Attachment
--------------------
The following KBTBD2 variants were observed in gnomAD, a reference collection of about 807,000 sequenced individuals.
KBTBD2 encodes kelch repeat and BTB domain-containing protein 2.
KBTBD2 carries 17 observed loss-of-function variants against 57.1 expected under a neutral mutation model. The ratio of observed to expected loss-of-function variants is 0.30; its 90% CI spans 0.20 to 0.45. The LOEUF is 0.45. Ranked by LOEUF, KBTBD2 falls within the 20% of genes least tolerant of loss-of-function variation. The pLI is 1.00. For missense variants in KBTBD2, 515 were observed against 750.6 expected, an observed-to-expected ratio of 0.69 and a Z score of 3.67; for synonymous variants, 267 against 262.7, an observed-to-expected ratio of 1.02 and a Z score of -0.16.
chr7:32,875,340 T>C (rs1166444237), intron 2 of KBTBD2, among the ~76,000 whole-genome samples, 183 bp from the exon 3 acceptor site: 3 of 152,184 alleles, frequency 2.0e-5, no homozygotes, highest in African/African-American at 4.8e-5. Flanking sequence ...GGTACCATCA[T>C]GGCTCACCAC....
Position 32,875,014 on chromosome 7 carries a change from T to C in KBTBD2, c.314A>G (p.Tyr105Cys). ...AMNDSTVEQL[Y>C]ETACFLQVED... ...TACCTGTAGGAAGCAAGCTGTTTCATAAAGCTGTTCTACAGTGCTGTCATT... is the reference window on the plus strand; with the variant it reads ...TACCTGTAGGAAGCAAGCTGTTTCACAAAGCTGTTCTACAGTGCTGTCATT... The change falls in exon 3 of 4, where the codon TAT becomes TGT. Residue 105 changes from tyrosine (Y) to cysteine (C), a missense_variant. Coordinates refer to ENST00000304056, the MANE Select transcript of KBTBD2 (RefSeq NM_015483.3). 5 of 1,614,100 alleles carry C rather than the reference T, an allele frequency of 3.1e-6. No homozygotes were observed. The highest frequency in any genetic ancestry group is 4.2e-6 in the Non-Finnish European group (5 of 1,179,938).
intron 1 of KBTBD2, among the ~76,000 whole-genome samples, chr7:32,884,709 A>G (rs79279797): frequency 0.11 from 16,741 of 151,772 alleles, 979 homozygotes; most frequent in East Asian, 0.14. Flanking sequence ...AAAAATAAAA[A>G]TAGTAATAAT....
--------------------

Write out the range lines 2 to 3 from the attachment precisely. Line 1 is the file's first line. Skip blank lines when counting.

KBTBD2 encodes kelch repeat and BTB domain-containing protein 2.
KBTBD2 carries 17 observed loss-of-function variants against 57.1 expected under a neutral mutation model. The ratio of observed to expected loss-of-function variants is 0.30; its 90% CI spans 0.20 to 0.45. The LOEUF is 0.45. Ranked by LOEUF, KBTBD2 falls within the 20% of genes least tolerant of loss-of-function variation. The pLI is 1.00. For missense variants in KBTBD2, 515 were observed against 750.6 expected, an observed-to-expected ratio of 0.69 and a Z score of 3.67; for synonymous variants, 267 against 262.7, an observed-to-expected ratio of 1.02 and a Z score of -0.16.